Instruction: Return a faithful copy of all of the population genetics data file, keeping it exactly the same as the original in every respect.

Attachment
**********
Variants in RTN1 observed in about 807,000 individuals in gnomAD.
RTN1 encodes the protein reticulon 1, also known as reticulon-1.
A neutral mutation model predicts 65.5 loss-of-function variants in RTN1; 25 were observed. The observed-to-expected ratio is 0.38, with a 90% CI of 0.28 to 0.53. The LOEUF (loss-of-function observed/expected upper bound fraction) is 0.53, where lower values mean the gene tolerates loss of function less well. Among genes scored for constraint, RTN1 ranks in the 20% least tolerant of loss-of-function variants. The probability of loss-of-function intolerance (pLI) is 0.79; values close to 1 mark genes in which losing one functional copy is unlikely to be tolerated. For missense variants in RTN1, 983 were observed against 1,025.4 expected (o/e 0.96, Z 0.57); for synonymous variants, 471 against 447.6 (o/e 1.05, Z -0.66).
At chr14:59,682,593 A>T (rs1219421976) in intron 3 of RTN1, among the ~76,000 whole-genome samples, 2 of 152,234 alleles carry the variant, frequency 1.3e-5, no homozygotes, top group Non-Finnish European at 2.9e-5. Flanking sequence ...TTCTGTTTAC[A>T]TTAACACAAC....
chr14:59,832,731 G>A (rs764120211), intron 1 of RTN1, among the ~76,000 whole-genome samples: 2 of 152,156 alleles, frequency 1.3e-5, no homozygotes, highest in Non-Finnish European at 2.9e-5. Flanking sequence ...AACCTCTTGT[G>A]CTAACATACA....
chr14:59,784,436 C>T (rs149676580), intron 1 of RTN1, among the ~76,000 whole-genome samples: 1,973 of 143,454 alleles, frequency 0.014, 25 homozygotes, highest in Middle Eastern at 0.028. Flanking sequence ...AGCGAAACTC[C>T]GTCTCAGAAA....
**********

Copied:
Variants in RTN1 observed in about 807,000 individuals in gnomAD.
RTN1 encodes the protein reticulon 1, also known as reticulon-1.
A neutral mutation model predicts 65.5 loss-of-function variants in RTN1; 25 were observed. The observed-to-expected ratio is 0.38, with a 90% CI of 0.28 to 0.53. The LOEUF (loss-of-function observed/expected upper bound fraction) is 0.53, where lower values mean the gene tolerates loss of function less well. Among genes scored for constraint, RTN1 ranks in the 20% least tolerant of loss-of-function variants. The probability of loss-of-function intolerance (pLI) is 0.79; values close to 1 mark genes in which losing one functional copy is unlikely to be tolerated. For missense variants in RTN1, 983 were observed against 1,025.4 expected (o/e 0.96, Z 0.57); for synonymous variants, 471 against 447.6 (o/e 1.05, Z -0.66).
At chr14:59,682,593 A>T (rs1219421976) in intron 3 of RTN1, among the ~76,000 whole-genome samples, 2 of 152,234 alleles carry the variant, frequency 1.3e-5, no homozygotes, top group Non-Finnish European at 2.9e-5. Flanking sequence ...TTCTGTTTAC[A>T]TTAACACAAC....
chr14:59,832,731 G>A (rs764120211), intron 1 of RTN1, among the ~76,000 whole-genome samples: 2 of 152,156 alleles, frequency 1.3e-5, no homozygotes, highest in Non-Finnish European at 2.9e-5. Flanking sequence ...AACCTCTTGT[G>A]CTAACATACA....
chr14:59,784,436 C>T (rs149676580), intron 1 of RTN1, among the ~76,000 whole-genome samples: 1,973 of 143,454 alleles, frequency 0.014, 25 homozygotes, highest in Middle Eastern at 0.028. Flanking sequence ...AGCGAAACTC[C>T]GTCTCAGAAA....